Shekhar welcomed the move but said long-term solutions to a systemic problem could only be achieved at state and federal level.

He said: “That’s what’s going to move the needle if you’re trying to get three million more homeowners into the home, or get to 50-60% homeownership. You can’t meet aggressive goals by saying ‘OK, let’s train the lenders or the brokers with better counselling’.”

Industry data shows that the rate of Black homeownership has not only contracted in the last 50 years, but that the gap between White and Black American homeownership is worse than it was before the 1968 Fair Housing Act, which was introduced to create equal housing opportunities for minorities.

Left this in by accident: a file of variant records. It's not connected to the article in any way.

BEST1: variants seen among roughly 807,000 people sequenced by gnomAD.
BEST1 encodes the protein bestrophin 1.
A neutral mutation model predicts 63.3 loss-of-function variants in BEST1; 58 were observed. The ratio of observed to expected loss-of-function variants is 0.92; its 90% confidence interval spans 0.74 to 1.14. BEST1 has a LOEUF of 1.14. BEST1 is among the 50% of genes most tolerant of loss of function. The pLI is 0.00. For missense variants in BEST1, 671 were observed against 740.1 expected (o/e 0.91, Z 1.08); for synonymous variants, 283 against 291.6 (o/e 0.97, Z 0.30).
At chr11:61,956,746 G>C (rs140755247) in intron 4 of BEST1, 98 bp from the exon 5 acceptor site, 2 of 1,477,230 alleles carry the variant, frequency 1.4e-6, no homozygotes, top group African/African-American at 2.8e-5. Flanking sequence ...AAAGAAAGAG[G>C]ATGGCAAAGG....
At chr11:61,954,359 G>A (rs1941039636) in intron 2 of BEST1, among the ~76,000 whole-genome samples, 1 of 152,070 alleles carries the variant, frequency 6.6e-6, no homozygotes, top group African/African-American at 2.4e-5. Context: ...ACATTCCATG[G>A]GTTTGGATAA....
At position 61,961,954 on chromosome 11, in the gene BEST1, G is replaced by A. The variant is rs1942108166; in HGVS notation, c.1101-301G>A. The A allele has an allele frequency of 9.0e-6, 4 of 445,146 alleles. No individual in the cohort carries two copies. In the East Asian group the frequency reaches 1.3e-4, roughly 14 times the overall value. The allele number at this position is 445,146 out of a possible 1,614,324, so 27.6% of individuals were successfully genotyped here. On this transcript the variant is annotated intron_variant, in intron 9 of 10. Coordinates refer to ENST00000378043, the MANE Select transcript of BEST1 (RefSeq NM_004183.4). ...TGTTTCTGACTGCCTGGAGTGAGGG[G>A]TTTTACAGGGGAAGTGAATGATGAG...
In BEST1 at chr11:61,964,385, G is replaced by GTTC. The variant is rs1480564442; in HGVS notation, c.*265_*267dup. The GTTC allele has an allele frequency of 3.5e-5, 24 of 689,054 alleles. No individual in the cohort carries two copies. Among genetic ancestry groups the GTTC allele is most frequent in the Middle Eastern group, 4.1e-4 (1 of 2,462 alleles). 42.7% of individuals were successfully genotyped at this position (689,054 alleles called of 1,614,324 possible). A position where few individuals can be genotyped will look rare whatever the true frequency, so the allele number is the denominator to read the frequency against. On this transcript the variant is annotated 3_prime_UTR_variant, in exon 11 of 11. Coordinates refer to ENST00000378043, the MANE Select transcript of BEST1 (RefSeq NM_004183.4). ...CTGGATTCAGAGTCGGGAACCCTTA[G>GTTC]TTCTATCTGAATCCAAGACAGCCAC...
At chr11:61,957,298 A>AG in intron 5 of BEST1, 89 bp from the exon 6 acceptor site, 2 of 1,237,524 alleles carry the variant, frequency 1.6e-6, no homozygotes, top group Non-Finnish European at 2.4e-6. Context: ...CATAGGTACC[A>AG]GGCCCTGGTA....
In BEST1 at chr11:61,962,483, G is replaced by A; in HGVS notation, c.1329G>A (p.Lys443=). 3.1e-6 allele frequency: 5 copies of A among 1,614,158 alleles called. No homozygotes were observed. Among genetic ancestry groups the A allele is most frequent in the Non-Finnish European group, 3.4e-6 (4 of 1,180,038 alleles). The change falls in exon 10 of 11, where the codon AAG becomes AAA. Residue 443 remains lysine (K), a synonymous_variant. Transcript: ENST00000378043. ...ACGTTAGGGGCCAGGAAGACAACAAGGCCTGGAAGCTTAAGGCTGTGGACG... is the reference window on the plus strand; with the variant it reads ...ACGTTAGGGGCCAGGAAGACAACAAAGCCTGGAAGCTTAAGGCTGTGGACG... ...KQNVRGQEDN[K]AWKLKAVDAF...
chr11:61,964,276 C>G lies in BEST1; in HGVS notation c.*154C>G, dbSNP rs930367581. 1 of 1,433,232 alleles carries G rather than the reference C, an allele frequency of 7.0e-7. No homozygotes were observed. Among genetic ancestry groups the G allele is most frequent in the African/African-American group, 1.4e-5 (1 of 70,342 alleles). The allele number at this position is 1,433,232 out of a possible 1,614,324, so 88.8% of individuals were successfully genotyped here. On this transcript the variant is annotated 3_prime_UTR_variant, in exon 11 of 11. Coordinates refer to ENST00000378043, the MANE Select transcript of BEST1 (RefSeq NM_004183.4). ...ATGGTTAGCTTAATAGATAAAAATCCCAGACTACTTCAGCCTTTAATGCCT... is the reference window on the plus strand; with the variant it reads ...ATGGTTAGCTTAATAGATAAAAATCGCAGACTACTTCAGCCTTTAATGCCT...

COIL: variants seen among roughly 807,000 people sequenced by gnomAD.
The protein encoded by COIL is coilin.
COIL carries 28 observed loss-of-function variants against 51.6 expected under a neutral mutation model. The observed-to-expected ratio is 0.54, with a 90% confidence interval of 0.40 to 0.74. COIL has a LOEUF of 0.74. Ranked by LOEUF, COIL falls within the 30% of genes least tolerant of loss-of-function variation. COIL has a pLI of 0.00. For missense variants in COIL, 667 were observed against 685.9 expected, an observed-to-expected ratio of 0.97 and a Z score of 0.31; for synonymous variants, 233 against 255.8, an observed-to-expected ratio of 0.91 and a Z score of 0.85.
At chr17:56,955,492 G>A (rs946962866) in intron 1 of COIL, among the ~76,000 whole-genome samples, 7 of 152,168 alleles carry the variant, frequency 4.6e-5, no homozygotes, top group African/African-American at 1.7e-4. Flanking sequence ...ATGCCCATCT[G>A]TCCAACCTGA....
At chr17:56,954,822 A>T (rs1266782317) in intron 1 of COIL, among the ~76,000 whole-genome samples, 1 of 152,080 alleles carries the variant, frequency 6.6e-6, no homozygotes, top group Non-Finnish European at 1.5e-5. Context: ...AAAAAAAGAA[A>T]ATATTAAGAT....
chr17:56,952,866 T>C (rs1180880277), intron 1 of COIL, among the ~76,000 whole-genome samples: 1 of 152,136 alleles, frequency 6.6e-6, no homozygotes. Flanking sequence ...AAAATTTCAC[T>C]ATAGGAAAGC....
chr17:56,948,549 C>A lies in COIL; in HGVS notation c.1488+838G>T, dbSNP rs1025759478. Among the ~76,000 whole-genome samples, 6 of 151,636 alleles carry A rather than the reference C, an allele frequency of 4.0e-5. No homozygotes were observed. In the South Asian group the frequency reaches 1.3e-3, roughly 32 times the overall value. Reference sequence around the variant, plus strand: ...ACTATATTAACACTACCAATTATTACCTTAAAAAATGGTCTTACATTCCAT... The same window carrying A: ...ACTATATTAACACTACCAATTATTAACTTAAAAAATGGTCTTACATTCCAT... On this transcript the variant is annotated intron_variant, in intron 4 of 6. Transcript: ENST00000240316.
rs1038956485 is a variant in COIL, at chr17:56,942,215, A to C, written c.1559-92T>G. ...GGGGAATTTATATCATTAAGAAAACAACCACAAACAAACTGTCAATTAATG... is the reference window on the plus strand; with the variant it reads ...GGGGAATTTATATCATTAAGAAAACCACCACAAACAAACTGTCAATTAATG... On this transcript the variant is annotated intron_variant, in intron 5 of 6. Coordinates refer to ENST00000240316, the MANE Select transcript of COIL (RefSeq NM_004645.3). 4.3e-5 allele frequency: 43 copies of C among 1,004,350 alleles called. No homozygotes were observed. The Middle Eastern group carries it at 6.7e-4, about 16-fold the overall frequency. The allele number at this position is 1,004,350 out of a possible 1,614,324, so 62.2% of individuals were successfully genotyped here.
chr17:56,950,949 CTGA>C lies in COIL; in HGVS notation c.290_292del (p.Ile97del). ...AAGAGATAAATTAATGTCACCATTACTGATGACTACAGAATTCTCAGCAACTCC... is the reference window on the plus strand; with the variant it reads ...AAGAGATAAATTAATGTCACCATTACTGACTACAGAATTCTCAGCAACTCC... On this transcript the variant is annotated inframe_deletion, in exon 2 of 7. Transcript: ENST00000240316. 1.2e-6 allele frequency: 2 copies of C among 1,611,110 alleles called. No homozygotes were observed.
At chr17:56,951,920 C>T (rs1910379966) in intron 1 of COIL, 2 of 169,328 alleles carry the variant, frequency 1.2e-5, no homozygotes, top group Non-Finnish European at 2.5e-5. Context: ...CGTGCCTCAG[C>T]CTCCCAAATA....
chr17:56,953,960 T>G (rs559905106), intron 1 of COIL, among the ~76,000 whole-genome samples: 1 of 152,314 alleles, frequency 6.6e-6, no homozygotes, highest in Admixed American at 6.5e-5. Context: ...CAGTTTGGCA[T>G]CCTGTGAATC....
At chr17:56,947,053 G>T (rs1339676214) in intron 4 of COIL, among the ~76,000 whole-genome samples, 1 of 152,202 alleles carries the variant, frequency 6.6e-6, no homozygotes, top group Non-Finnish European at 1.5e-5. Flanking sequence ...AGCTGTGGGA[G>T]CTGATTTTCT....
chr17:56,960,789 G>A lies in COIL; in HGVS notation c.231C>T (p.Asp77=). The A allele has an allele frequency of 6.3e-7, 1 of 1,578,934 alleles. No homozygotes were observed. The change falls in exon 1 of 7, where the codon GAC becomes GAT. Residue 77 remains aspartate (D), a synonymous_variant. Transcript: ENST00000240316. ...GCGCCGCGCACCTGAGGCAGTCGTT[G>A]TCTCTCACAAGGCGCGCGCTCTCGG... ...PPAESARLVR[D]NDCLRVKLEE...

According to the Urban Institute’s figures for the first quarter of 2021, homeownership rates for Black households stand at 45.1%, compared with 73.8% among non-Hispanic White households, while data from real estate brokerage Redfin shows that almost 16% of Black Americans who applied for mortgages last year were rejected, compared with just 7% of White Americans. High debt and low credit scores were cited as some of the reasons for the discrepancy.

One solution mooted by Shekhar would be to introduce a program similar to the Veteran Administration loans, which are underwritten by the US Government. “I don’t expect private lenders to take that hit on their balance sheet, it’s the federal government that has to do it if (Black households) default,” he said.